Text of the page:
The same asymmetry of information exists in the social media space. According to a Pew poll, 23% of Facebook users don't even know about privacy settings -- period. What about the Power Users of social media? Well, there is no better exemplar of the informed, seasoned, savvy Power User than Andrew McLaughlin, current Deputy Technology Officer of the USA, former Head of Global Policy and Government Affairs at Google, Yale Law School grad, and former Senior Fellow at Harvard's Berkman Center for Internet and Society. (Full disclosure that is also where I reside as well.) McLaughlin got himself in deep, deep water when he exposed his trusted Gmail account to Google's "revolutionary" service, Buzz, designed to enable many of the same great things that Open Graph promised. Out leaked his contact list to the world at large, and more specifically, to eager Republican watchdogs such as RedState.com, who gleefully raised all sorts of embarrassing questions about whether McLaughlin was using his Gmail account for White House business and whether he was inappropriately communicating with his old Google colleagues. Cries were made for full disclosure, invocation of the Freedom of Information Act, comparisons made to Dick Cheney's protected list of White House visitors. If McLaughlin had it to do over again, I doubt he would have clicked on Buzz. But there are no do overs -- what is out is out. And that is the point of privacy leakages. When damage is done, it cannot be undone. And if an Andrew McLaughlin can be tricked and trapped, there really is no hope for the rest of us.

The issue is not with social media. Social media is great and here to stay. Moreover, when it goes mobile, it will only get more powerful and more useful. But it also could become easily Orwellian through the exploitation of personal information. It could become a means for total surveillance where the costs and impacts of today's breaches are a trifle by comparison. Think medical information, DNA, all financial and commercial transactions, what you do, where you are, and whom you talk to every minute of the day.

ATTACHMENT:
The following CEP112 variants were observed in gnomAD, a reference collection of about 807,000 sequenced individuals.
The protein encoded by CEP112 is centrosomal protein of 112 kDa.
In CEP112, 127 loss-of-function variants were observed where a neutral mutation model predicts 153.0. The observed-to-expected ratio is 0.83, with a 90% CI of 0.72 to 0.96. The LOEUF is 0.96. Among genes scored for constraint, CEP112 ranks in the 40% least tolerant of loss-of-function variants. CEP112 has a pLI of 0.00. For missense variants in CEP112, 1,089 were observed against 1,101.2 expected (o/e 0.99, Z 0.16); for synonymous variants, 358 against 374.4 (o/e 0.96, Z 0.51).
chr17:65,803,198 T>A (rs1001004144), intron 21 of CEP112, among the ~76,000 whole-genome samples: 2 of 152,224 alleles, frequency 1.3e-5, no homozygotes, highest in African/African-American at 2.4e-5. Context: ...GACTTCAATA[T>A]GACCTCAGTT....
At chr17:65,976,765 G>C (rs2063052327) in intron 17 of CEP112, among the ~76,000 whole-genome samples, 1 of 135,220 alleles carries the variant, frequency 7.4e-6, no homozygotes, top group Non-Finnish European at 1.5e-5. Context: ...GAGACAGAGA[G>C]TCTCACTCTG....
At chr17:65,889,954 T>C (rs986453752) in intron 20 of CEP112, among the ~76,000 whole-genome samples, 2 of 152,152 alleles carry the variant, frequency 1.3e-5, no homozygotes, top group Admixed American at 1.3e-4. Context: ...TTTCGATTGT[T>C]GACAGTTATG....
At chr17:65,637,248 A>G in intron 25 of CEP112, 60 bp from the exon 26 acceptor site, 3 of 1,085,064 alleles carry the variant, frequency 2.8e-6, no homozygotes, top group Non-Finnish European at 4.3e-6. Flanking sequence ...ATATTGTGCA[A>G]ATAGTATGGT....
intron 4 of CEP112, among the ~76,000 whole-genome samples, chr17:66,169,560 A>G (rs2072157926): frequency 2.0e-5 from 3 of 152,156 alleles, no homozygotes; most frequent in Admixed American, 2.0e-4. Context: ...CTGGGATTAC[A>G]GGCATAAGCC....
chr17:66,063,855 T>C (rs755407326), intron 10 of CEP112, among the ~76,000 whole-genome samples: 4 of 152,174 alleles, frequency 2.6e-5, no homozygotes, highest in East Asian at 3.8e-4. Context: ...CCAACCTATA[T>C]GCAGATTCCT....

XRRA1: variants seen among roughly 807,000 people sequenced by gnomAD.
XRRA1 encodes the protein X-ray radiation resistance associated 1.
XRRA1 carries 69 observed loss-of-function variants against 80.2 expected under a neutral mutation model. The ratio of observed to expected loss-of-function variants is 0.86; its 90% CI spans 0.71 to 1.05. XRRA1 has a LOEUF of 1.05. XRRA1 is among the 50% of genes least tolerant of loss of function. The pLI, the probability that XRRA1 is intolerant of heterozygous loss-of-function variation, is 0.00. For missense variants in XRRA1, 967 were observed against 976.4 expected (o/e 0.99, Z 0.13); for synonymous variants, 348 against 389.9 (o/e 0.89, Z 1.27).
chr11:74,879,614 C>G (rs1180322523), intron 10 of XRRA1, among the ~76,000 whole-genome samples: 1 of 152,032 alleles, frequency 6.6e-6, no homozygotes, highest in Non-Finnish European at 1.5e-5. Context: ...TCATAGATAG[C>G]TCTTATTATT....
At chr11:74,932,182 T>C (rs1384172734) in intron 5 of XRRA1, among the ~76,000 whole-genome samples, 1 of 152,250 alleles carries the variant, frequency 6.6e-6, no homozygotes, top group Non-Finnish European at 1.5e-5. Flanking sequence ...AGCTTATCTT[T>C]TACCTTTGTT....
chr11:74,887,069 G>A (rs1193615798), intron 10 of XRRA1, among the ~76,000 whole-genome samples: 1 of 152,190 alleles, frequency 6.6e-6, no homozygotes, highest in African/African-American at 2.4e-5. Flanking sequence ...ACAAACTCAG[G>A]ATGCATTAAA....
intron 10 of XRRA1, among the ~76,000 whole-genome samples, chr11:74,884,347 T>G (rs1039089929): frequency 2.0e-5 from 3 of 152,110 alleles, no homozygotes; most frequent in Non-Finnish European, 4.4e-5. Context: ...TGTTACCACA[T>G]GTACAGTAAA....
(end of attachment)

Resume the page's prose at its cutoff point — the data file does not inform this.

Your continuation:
The problem is that information marketing companies should not be like some banks and the credit card companies that make money by tricking and trapping, obfuscation, and betting against their "customers" under the guise of acting in their interest. This is not to say that information marketing companies should not make money off of social media and customer data. They should. Indeed, by providing the proper safeguards, checks and balances, more money can be made off of sensitive data, because it will be trusted and more readily shared and relied upon.

What is needed is a kind of Glass Steagall Act for the collection, use, storage and sale of personal data, which prohibits those banks entrusted to safeguard commercial accounts from also trading in those accounts. Fortunately, the FTC, the White House, FCC, GSA, and DoD, and several credit service providers, telecom carriers, and others are showing more foresight in appreciating the importance of user control and the commercial value of trust and privacy than many financial service and social media companies. But even with their efforts, technology, the market and the money are moving faster than they are.

Now is the time to get the rules of the road right so that is possible to both protect and share valuable and sensitive information. This does NOT require government micro-regulation, but it does require SOME thoughtful regulation, principles and architectures that create the right checks and balances and the incentives to reward a race to the top rather than one to the bottom. One can look to the new White House National Strategy for Secure Online Transactions currently under development as the beginning of a new privacy framework that thoughtfully tries to resolve the paradox of having both privacy and sharing in a way that is cognizant of current technology trends and new business models to advance rather than undermine the public interest.

John Henry Clippinger is co-director of The Law Lab, Berkman Center for Internet & Society at Harvard University and author of A Crowd of One: The Future of Individual Identity